The Situation: Potential Clients Unaware of Firm’s Breadth of Services
FTI Consulting is a $2 billion-dollar global business advisory. Founded in 1982 as Forensics Technologies International to provide expert witnesses for high-profile corporate litigation, FTI Consulting has grown organically and via acquisitions and today covers the professional services waterfront. Its expertise ranges from corporate finance to geopolitical intelligence, economic consulting, investigations, strategic communications, and more – just about everything a professional services firm can offer, or a big business could need. But in the view of its leaders, potential clients were insufficiently aware of the scope and variety of FTI Consulting’s offerings. To remedy that situation, and attract more clients, FTI Consulting was looking for a compelling topic that would highlight and underscore the breadth of its experience, the depth of its expertise, and attract media attention.
Bloom Group’s Role: Designing and Executing a Global Survey, Producing Articles Highlighting the Results
Bloom Group helped FTI Consulting focus on a topic that would draw on the expertise of several of its practices: What multinational companies do right and wrong in managing the risks of operating in developing markets.
Bloom Group, with input from FTI Consulting, designed a 32-question survey to which 150 executives with risk management responsibilities for companies with over $1 billion in annual revenue operating in emerging market countries responded. Then, working with FTI Consulting experts from its Corporate Finance, Strategic Communications, Forensic & Litigation Consulting, Economic Consulting, and Global Risk & Investigations practices, Bloom Group analyzed the survey’s quantitative data and, with FTI Consulting’s practice leaders, conducted hour-long interviews with 10 executive respondents representing large North American and European multinational companies.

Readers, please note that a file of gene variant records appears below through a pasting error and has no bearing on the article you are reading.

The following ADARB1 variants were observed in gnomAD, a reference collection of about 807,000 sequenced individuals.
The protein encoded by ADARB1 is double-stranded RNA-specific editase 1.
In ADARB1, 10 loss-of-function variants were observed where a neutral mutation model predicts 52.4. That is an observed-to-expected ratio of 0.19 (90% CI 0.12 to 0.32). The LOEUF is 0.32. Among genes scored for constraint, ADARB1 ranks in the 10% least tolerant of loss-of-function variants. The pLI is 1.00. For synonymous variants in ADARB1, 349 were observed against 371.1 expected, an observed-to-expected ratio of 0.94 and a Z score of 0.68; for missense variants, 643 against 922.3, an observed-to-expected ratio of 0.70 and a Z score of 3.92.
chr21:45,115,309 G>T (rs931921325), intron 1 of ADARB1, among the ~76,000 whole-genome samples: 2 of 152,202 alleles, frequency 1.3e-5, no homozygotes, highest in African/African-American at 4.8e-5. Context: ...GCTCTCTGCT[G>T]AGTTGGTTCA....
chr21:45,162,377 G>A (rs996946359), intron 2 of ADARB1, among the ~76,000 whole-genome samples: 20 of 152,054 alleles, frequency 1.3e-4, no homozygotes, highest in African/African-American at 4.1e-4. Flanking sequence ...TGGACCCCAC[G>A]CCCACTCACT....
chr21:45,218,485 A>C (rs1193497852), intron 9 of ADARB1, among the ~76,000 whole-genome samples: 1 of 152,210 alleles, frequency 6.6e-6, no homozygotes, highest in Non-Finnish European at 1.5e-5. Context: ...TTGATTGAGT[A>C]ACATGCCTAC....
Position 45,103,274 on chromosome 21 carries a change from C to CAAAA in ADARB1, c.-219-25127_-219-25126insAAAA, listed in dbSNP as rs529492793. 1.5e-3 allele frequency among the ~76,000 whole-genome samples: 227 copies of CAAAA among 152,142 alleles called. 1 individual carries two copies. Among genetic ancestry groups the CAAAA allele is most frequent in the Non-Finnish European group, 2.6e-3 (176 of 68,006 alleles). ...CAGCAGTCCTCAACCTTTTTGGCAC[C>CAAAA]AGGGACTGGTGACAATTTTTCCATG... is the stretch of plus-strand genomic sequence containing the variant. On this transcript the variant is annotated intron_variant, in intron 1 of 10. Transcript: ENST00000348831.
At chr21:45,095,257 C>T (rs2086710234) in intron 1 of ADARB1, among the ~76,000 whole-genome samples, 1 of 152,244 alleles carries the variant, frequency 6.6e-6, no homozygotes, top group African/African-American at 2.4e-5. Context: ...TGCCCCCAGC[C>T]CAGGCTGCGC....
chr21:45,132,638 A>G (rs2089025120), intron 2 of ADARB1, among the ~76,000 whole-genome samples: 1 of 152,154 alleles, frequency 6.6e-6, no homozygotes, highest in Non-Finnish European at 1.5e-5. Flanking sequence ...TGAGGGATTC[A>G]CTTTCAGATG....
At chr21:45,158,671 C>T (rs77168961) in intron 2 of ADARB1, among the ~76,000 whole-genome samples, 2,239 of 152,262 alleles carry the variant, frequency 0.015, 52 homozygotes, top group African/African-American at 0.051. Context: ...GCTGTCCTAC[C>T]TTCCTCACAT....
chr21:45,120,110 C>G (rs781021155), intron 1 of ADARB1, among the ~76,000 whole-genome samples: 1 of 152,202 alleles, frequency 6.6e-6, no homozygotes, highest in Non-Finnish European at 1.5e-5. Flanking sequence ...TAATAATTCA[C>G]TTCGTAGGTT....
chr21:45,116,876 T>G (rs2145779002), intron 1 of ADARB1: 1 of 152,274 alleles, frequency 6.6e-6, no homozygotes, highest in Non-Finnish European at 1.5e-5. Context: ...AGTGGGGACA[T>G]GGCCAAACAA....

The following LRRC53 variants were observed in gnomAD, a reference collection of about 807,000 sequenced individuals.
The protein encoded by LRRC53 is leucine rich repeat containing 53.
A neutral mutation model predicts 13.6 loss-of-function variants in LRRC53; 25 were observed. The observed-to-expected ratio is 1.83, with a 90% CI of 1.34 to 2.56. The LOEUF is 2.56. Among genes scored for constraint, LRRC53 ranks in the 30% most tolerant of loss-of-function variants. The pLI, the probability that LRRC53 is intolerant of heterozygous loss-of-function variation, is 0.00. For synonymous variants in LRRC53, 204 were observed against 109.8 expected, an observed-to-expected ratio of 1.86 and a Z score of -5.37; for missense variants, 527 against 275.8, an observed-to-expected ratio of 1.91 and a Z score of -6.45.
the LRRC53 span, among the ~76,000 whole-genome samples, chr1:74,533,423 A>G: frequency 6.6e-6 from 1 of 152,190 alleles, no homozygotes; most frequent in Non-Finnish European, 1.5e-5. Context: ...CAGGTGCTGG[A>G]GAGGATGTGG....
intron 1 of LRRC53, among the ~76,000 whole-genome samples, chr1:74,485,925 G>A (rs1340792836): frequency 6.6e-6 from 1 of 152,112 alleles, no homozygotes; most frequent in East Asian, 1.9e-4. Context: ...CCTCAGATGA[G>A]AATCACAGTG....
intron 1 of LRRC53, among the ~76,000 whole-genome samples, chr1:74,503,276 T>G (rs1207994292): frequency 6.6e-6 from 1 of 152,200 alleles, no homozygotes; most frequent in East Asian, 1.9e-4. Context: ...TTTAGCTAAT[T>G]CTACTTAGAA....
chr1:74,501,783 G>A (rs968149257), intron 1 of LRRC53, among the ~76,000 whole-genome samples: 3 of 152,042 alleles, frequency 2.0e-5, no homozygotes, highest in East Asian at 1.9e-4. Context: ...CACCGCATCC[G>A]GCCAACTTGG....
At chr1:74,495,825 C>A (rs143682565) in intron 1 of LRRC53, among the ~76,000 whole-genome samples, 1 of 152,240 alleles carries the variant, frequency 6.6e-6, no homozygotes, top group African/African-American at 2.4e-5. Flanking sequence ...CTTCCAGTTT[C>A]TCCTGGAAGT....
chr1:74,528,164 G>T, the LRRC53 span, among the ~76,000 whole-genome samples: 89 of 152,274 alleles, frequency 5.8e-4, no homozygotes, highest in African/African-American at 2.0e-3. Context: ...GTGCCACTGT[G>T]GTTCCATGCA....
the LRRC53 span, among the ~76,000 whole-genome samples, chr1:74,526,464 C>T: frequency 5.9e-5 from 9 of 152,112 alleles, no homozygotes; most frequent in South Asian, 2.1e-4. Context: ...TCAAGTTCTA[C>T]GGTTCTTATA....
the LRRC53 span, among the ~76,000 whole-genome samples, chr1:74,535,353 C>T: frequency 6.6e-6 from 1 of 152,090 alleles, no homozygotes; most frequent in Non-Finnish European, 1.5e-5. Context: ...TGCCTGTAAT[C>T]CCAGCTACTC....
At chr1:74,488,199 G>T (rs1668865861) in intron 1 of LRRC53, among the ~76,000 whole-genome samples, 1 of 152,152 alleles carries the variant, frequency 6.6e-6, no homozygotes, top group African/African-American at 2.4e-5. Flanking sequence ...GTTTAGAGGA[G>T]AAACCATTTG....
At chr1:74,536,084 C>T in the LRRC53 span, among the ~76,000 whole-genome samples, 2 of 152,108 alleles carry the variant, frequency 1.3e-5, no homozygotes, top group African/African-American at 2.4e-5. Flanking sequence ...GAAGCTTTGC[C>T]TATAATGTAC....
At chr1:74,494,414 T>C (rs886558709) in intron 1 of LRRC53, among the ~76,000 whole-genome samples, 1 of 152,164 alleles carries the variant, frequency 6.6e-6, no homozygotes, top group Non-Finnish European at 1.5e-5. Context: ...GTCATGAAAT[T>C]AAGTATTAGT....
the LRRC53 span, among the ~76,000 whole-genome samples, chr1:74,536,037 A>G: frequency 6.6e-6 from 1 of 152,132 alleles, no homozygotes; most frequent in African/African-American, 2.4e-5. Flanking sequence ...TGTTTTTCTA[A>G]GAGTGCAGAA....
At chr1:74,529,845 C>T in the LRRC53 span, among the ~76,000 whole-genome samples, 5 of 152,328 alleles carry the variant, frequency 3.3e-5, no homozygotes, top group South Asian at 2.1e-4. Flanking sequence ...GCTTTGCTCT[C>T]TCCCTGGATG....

Bloom Group also conducted secondary research, filling out the picture of the emerging market risks (and their costs) multinational companies were confronting.
Finally, we worked with FTI Consulting senior practice leaders to integrate the quantitative and qualitative survey data to produce a report on best and worst practices for managing emerging market risk, validated by real-world evidence.
The Outcome: A New View on Risk, and Wide Media Coverage
FTI Consulting’s risk research project discovered that almost all multinationals operating in developing economies (83% since 2010) had experienced significant business losses (an average of $325 million per incident) derived from three major categories of risk: regulatory, bribery and fraud, and reputation. The quantitative data revealed that the most damaging incidents, incurring the greatest losses, occurred when those three categories of risk converged, and the qualitative research demonstrated that there were distinct differences between the policies and actions of those companies that suffered the fewest, least expensive incidents, and those that incurred the most. Leveraging these data, FTI Consulting’s experts derived actionable, proven best practices for mitigating risk in these geographies.
Bloom Group helped FTI Consulting publish its findings in a white paper, “What Companies Do Right (And Wrong) in Emerging Markets,” and in a shorter article that was self-published in FTI Consulting’s online management journal.
Because the research was the first to put dollar amounts to the losses businesses were suffering attributable to specific risks, and identify the divergent practices of leaders and laggards, Bloom Group and FTI Consulting found a ready appetite for articles spun off from the study, authored by FTI Consulting leaders, in such prestigious publications as The Harvard Business Review online, Risk Management Monitor, Corporate Compliance Insights, and CFO.com. When the study was released, it was noted in the Wall Street Journal.
If potential clients were not now aware of the breadth of FTI Consulting’s service offerings, and the range of its global practices, it could only be because they weren’t reading.